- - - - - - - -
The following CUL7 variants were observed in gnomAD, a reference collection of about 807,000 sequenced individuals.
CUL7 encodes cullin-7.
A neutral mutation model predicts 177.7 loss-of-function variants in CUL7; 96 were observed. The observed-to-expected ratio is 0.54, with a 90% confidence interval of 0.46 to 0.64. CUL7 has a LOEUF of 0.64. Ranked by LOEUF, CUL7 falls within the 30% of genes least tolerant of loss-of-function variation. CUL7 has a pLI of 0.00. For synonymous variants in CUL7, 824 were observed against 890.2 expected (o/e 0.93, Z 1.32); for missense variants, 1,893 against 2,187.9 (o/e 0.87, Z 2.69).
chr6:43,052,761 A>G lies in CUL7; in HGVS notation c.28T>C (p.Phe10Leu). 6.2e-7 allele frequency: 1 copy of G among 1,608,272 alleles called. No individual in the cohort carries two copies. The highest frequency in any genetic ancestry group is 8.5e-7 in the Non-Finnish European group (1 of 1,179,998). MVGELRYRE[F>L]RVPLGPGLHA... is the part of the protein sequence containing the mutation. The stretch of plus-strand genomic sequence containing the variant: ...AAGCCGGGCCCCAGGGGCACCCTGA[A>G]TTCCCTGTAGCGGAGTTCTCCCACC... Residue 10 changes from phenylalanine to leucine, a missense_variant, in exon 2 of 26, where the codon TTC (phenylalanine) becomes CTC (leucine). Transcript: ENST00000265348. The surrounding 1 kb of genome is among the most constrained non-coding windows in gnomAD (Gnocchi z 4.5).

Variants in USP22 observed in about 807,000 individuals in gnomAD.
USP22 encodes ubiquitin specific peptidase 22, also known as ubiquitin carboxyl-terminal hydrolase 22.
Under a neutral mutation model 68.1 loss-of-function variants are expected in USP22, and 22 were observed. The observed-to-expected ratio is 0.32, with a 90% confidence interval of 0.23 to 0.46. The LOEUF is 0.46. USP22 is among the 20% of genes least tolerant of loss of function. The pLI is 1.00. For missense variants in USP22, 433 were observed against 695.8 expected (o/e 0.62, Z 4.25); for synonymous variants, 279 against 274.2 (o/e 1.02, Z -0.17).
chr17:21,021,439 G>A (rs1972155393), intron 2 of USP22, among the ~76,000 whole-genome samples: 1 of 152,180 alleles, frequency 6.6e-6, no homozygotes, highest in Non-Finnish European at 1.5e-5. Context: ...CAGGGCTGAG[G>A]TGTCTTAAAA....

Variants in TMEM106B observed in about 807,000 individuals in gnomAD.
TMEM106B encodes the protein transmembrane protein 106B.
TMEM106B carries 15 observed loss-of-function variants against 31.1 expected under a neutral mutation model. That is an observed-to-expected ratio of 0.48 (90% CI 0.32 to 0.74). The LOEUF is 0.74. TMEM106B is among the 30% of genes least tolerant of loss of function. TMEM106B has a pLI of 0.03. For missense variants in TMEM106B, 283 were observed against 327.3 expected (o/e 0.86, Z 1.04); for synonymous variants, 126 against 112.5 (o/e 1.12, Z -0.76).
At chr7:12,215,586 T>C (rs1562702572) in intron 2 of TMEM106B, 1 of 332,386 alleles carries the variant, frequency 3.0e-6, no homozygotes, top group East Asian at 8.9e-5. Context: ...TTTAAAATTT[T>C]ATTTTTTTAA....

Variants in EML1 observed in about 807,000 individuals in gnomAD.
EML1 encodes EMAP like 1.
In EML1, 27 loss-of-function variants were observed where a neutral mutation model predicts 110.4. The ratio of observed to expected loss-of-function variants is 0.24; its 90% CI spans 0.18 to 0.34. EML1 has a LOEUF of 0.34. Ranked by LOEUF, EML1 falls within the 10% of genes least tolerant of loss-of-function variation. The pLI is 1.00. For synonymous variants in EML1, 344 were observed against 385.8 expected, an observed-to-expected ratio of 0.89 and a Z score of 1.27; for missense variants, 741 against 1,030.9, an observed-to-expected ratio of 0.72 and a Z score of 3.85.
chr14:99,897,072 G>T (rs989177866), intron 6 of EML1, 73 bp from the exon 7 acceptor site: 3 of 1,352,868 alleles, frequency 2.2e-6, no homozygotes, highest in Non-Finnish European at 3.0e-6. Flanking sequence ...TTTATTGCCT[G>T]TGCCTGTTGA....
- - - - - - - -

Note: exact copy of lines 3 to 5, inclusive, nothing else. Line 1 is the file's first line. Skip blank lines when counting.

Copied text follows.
A neutral mutation model predicts 177.7 loss-of-function variants in CUL7; 96 were observed. The observed-to-expected ratio is 0.54, with a 90% confidence interval of 0.46 to 0.64. CUL7 has a LOEUF of 0.64. Ranked by LOEUF, CUL7 falls within the 30% of genes least tolerant of loss-of-function variation. CUL7 has a pLI of 0.00. For synonymous variants in CUL7, 824 were observed against 890.2 expected (o/e 0.93, Z 1.32); for missense variants, 1,893 against 2,187.9 (o/e 0.87, Z 2.69).
chr6:43,052,761 A>G lies in CUL7; in HGVS notation c.28T>C (p.Phe10Leu). 6.2e-7 allele frequency: 1 copy of G among 1,608,272 alleles called. No individual in the cohort carries two copies. The highest frequency in any genetic ancestry group is 8.5e-7 in the Non-Finnish European group (1 of 1,179,998). MVGELRYRE[F>L]RVPLGPGLHA... is the part of the protein sequence containing the mutation. The stretch of plus-strand genomic sequence containing the variant: ...AAGCCGGGCCCCAGGGGCACCCTGA[A>G]TTCCCTGTAGCGGAGTTCTCCCACC... Residue 10 changes from phenylalanine to leucine, a missense_variant, in exon 2 of 26, where the codon TTC (phenylalanine) becomes CTC (leucine). Transcript: ENST00000265348. The surrounding 1 kb of genome is among the most constrained non-coding windows in gnomAD (Gnocchi z 4.5).

Variants in USP22 observed in about 807,000 individuals in gnomAD.